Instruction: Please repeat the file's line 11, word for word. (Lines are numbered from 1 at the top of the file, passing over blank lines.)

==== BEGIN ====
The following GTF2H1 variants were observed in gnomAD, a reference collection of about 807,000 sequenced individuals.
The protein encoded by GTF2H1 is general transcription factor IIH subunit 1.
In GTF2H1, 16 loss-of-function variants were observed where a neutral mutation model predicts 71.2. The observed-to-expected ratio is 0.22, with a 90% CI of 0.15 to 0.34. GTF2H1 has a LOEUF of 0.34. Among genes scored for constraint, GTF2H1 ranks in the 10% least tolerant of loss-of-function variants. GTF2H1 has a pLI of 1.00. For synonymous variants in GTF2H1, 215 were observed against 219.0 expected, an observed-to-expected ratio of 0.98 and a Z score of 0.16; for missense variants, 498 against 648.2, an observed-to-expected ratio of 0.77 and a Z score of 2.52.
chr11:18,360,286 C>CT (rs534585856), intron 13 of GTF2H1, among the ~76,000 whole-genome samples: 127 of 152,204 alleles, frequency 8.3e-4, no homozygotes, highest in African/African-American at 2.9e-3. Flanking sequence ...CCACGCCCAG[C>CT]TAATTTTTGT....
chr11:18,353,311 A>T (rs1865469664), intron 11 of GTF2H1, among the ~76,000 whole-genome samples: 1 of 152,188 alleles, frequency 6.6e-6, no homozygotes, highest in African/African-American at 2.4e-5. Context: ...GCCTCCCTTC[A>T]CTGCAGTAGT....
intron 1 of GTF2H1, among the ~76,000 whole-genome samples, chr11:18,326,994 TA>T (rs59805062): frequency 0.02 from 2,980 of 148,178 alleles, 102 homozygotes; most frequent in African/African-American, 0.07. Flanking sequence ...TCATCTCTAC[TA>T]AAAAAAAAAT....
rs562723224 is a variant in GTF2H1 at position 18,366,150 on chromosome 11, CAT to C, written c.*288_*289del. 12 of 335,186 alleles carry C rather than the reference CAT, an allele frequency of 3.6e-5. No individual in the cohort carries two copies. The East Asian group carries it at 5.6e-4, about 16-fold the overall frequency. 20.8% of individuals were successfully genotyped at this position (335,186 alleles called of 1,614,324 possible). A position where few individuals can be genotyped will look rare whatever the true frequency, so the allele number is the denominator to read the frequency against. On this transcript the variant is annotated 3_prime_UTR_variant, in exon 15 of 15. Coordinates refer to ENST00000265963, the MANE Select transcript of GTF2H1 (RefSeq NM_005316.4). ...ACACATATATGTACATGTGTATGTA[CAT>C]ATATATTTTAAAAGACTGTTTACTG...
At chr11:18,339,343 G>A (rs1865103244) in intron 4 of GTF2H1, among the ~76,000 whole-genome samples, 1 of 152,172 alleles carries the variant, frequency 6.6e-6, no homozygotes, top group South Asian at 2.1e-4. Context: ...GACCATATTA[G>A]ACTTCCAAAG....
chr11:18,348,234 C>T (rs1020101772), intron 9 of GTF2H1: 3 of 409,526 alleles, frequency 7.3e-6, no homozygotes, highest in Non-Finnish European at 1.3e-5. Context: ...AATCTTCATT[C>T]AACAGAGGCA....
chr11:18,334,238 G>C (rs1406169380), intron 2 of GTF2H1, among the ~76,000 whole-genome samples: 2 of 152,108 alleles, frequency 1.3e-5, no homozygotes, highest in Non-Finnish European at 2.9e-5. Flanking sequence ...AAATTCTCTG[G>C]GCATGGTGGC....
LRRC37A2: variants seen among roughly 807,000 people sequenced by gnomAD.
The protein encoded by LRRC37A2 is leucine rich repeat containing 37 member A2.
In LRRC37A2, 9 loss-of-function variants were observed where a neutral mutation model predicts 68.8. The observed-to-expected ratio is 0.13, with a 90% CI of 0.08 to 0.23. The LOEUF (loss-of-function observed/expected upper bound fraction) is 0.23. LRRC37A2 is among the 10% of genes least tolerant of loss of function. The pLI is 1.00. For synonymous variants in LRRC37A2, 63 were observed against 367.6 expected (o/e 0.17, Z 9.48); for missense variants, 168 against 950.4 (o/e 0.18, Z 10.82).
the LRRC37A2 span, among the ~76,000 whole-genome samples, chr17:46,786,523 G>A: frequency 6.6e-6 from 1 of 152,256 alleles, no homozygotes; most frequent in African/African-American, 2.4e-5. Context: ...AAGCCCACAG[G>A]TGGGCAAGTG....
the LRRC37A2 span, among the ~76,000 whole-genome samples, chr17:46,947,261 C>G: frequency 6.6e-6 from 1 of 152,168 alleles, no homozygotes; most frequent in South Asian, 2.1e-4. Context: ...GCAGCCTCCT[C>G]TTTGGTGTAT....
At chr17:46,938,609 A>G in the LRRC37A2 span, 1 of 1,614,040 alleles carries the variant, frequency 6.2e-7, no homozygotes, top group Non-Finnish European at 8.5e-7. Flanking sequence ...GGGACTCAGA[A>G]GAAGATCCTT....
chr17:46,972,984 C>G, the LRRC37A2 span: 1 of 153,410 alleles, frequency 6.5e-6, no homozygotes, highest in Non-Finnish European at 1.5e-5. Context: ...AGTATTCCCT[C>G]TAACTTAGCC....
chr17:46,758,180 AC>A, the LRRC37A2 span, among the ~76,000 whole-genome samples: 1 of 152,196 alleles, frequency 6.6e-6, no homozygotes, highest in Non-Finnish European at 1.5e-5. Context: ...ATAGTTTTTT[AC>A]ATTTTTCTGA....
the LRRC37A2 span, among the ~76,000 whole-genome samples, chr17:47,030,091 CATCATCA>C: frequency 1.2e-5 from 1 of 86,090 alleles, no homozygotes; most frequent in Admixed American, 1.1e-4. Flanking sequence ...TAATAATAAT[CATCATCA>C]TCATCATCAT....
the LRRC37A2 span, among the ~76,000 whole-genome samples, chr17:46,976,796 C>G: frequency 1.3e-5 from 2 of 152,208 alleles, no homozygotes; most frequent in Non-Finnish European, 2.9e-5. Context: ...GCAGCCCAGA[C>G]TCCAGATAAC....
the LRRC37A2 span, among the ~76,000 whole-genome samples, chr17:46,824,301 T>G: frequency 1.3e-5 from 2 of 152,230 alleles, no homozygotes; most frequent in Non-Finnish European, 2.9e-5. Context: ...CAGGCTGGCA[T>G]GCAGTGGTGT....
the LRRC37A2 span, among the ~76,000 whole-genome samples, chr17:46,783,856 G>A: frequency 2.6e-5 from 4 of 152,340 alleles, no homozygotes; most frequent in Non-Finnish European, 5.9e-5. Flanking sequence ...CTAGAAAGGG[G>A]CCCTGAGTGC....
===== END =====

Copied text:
LRRC37A2: variants seen among roughly 807,000 people sequenced by gnomAD.